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Why Can’t My Friend Accept That My Disabled Son Has a Great Life?

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Our son was partly paralyzed in a sporting accident as a teenager. Now, years later, he lives a full life — with friends, a job, sports and lots of fun. Still, when we socialize with a certain friend, our son’s disability is her main concern: We get sad eyes, soft touches and pronouncements about how brave we are. I know she means to be supportive, but it makes me uncomfortable. When I respond that his paralysis is not as problematic as she thinks, she goes on and on about how inspirational he is. Sometimes, it casts a pall over the room. Obviously, I am not uncaring about my son’s situation, but he is more than his legs. How should I handle this?

MOTHER

I think there may be two issues here: Your friend’s well-intentioned compassion — which you kindly acknowledge — seems to have tipped into pity. That would make many of us bristle. Pity carries a whiff of superiority. And I second your objection to your friend’s (implicit) judgment that your son is somehow inferior because he’s paralyzed. He seems to be living a full and happy life!

Now, we can manage this first issue pretty easily. But the challenge comes — in my experience — because your friend may be frightened by your son’s disability: She brings it up endlessly because she can’t imagine how she would cope in your position. The prospect may unnerve her.

So I would be direct but gentle with her. When you have some time alone with her, say: “You seem so focused on my son’s disability. We’ve all had years to process his accident. And look at what a fulfilling life he leads. You may want to consider why his disability strikes such a deep chord in you.” As you aptly put it, we are all more than our challenges.

In restaurants recently, several waiters have delivered meals to our table and then proceeded to talk to us the whole time we were eating. In retrospect, I realize they shared — in great detail — their hard-luck stories. I wonder if they do this in hopes of getting bigger tips. I know times are tough, and I want to be sympathetic. But restaurant meals are treats, and we’d like to be left alone to enjoy them. Any advice? We don’t want to be rude.

DINER

One of the problems with keeping quiet about small complaints is that we can blow them out of proportion — even create conspiracy theories around them. Here, for instance, your being “nice” to chatty waiters and letting them talk on has, in fact, created the opposite of niceness in you: Without a shred of evidence, you have turned the waiters into schemers who are trying to squeeze bigger tips out of you. Everyone loses this way!

So, speak up: “Thanks for taking such good care of us. Now, if you’ll excuse us, my friend and I would like to talk.” Problem solved. You’ve told the waiters what you reasonably want, so they can give you the restaurant experience you desire.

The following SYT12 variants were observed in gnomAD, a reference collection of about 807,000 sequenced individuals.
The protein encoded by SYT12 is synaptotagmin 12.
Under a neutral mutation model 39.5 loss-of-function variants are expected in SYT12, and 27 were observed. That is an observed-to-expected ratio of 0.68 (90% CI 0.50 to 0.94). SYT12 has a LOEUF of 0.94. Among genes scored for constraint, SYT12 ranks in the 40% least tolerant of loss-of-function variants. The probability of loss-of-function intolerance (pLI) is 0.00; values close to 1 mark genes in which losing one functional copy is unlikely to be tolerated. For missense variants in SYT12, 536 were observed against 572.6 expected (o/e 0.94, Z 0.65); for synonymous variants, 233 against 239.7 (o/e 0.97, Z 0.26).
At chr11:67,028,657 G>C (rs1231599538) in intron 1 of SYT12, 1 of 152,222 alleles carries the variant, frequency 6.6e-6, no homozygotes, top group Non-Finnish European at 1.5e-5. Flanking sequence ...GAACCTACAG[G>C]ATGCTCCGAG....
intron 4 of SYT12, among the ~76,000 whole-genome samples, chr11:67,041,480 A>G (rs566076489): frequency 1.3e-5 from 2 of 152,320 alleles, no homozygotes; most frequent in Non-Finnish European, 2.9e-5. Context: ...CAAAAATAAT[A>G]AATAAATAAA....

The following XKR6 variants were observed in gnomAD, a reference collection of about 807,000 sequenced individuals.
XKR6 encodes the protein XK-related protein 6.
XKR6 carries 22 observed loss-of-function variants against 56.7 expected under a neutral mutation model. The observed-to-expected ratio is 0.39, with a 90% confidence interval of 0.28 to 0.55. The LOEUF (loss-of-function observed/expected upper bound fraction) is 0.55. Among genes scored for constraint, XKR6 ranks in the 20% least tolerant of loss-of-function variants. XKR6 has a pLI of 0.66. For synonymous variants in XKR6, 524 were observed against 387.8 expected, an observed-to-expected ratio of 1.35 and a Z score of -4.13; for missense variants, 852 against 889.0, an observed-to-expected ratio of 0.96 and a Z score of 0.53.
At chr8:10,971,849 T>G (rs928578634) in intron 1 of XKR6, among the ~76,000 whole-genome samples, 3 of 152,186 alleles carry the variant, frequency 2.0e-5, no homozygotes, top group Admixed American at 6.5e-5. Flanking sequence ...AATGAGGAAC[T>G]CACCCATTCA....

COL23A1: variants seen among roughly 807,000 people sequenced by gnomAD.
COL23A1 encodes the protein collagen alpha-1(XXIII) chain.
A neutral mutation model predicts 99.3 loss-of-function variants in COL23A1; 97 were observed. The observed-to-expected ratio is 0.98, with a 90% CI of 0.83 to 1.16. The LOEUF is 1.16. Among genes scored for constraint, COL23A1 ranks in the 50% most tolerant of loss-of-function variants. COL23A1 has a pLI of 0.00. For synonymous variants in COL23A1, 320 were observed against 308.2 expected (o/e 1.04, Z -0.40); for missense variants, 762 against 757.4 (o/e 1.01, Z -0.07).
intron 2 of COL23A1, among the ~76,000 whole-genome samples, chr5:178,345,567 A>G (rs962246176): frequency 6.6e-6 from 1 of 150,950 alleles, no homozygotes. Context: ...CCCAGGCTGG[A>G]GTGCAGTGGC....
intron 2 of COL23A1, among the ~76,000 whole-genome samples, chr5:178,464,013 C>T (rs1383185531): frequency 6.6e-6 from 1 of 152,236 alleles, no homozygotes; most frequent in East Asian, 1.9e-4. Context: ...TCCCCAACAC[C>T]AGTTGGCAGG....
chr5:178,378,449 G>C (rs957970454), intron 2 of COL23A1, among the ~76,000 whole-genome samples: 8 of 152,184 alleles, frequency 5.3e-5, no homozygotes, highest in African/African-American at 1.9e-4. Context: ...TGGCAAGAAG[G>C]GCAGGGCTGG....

My fiancé and I are a middle-aged couple. We’re both divorced without children. We are getting married at City Hall and then hosting a big dinner at a restaurant with music and dancing. The restaurant seats 60, so we are inviting only close family and friends. The problem: My fiancé’s sibling and that sibling’s spouse refuse to come unless they can bring their two small children, 5 and 8. No other children are coming. They live an hour away, but they refuse to hire a sitter. They’ve also refused our offer to rent a hotel room nearby so they can take turns watching the kids. We really want them to come, but the kids would take seats from close friends. Thoughts?

WIFE-TO-BE

I really dislike ultimatums. That doesn’t stop people from making them, though. And here, not caving may mean starting your married life with two enemies for in-laws. Personally, I find their refusal to hire a sitter for a few hours silly, but we don’t choose our family, do we?

Still, I can’t make this decision for you. I will say that you’re not likely to spend much one-on-one time with your 60 guests, and in my experience, it has generally paid off to make allowances for my in-laws. If you expect to see this sibling regularly — on major holidays, for instance — the decision almost becomes a no-brainer, if an unpleasant one.

In the past, it was polite to address people we didn’t know as “Sir” or “Madam.” But that no longer seems appropriate. Is there a polite, non-gendered honorific to use in circumstances like “Excuse me, Madam”?

SETH

In 15 years, I have never received a letter from someone who was upset at hearing “excuse me” without an honorific attached. I have countless letters, on the other hand, from people who objected to the specific honorific used: the “Miss” who felt condescended to, the “Ma’am” who felt younger than that and the “Sir” who was a tall woman. (I am not a fan of chummy, gender-neutral honorifics like “friend.”) There’s no reason to organize strangers by gender. So why not simply address people politely and lose the honorifics?


For help with your awkward situation, send a question to [email protected], to Philip Galanes on Facebook or @SocialQPhilip on the platform X.

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